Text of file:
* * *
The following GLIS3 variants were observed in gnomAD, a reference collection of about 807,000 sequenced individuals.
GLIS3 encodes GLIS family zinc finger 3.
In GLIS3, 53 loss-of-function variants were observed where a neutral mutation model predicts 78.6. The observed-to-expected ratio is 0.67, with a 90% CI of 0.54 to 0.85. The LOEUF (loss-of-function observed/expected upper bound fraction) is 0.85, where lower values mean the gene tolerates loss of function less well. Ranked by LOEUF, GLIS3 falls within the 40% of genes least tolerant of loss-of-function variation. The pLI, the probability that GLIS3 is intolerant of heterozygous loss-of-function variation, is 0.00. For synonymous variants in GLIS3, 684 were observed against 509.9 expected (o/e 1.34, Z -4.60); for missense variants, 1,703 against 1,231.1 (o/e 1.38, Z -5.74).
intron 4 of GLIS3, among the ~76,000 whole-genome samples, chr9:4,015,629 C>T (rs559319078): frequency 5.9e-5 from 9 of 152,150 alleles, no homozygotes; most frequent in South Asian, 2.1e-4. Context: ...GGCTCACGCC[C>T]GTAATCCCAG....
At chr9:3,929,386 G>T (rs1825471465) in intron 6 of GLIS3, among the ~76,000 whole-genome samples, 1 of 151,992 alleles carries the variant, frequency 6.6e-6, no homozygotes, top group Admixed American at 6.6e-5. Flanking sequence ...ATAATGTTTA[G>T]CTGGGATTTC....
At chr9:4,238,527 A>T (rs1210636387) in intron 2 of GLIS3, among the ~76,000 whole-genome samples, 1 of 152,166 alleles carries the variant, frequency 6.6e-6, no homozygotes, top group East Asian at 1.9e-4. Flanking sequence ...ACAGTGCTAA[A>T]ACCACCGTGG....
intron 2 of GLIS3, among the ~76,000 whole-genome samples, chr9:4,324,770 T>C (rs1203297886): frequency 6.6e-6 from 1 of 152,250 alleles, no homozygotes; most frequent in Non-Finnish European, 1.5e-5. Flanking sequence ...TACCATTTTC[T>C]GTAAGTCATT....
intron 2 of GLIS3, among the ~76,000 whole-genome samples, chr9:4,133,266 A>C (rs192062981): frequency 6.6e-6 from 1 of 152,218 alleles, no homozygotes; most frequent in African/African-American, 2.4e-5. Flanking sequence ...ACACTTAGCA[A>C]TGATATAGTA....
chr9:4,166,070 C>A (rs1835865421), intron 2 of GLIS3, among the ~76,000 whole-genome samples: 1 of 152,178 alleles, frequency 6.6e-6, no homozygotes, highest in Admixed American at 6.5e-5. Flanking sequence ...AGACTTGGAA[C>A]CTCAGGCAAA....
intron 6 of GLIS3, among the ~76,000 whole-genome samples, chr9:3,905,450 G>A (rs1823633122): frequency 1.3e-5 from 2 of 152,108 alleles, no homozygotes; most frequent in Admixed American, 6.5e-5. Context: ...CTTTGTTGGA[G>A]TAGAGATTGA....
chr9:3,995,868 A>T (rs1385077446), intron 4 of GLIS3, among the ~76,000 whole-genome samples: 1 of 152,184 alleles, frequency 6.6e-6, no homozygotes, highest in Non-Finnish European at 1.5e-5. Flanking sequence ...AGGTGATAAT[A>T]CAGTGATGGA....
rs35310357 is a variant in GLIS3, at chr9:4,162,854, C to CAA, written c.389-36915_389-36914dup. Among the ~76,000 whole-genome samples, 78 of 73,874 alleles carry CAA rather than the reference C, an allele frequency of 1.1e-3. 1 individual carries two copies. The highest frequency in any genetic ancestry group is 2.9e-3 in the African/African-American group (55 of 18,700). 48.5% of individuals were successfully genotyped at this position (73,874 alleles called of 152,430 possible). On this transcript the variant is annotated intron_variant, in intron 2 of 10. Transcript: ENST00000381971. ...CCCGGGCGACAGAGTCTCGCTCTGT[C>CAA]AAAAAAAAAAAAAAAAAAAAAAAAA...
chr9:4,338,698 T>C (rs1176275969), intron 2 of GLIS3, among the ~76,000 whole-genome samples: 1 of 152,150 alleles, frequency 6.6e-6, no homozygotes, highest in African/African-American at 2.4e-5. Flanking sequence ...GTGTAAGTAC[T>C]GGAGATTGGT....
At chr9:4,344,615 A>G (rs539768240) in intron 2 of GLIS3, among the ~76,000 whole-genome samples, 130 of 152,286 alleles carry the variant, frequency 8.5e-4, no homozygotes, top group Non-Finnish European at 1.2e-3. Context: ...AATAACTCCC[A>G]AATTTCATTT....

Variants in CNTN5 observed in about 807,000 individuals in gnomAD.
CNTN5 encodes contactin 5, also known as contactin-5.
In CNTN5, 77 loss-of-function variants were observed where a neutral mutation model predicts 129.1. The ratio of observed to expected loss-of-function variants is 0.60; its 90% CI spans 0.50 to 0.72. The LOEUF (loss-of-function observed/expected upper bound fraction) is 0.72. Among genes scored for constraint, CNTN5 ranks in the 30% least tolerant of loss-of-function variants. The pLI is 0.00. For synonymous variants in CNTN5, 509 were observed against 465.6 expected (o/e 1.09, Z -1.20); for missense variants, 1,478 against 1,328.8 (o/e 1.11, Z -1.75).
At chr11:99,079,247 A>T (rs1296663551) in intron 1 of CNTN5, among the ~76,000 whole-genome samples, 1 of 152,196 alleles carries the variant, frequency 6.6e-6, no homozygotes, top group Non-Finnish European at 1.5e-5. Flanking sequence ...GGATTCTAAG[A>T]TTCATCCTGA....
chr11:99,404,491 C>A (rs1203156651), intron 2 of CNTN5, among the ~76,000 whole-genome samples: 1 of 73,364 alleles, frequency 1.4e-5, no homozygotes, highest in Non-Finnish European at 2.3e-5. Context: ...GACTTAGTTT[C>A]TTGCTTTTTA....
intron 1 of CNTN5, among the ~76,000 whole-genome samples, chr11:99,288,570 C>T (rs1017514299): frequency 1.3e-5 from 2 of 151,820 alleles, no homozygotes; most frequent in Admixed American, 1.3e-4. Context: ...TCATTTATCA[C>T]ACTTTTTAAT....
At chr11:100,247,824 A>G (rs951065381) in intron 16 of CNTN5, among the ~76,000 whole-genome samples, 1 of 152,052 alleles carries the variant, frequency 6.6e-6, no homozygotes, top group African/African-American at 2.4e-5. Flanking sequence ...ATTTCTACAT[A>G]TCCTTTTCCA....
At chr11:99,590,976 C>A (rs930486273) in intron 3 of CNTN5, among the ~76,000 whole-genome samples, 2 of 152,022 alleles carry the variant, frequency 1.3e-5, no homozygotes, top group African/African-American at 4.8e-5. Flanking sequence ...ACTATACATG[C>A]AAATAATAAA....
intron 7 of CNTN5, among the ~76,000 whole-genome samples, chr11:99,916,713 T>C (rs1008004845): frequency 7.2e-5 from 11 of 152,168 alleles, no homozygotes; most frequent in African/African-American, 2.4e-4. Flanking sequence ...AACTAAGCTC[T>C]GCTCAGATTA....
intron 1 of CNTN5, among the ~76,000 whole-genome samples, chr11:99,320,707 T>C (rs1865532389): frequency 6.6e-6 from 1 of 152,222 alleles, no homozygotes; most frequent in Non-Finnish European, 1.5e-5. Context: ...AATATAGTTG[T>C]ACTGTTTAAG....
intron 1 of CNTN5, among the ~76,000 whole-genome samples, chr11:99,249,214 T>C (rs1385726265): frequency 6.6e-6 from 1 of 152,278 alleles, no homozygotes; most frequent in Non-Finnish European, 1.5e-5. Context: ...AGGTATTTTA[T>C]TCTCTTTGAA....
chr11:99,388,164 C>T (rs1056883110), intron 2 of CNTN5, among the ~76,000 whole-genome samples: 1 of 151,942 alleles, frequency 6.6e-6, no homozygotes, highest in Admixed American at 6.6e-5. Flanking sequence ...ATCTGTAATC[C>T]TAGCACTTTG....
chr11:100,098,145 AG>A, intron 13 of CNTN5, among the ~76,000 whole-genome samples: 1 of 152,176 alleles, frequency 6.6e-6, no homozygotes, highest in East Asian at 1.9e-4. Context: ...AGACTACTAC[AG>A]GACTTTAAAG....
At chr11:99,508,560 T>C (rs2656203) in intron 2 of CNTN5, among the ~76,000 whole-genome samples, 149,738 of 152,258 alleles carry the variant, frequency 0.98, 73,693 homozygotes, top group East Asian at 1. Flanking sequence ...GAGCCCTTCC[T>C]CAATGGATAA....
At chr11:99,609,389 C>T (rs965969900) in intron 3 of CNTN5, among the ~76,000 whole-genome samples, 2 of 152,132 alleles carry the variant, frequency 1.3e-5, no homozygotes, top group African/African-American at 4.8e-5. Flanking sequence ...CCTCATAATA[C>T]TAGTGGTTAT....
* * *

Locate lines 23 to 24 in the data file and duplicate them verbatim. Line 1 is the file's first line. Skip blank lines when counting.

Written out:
intron 7 of CNTN5, among the ~76,000 whole-genome samples, chr11:99,916,713 T>C (rs1008004845): frequency 7.2e-5 from 11 of 152,168 alleles, no homozygotes; most frequent in African/African-American, 2.4e-4. Flanking sequence ...AACTAAGCTC[T>C]GCTCAGATTA....
intron 1 of CNTN5, among the ~76,000 whole-genome samples, chr11:99,320,707 T>C (rs1865532389): frequency 6.6e-6 from 1 of 152,222 alleles, no homozygotes; most frequent in Non-Finnish European, 1.5e-5. Context: ...AATATAGTTG[T>C]ACTGTTTAAG....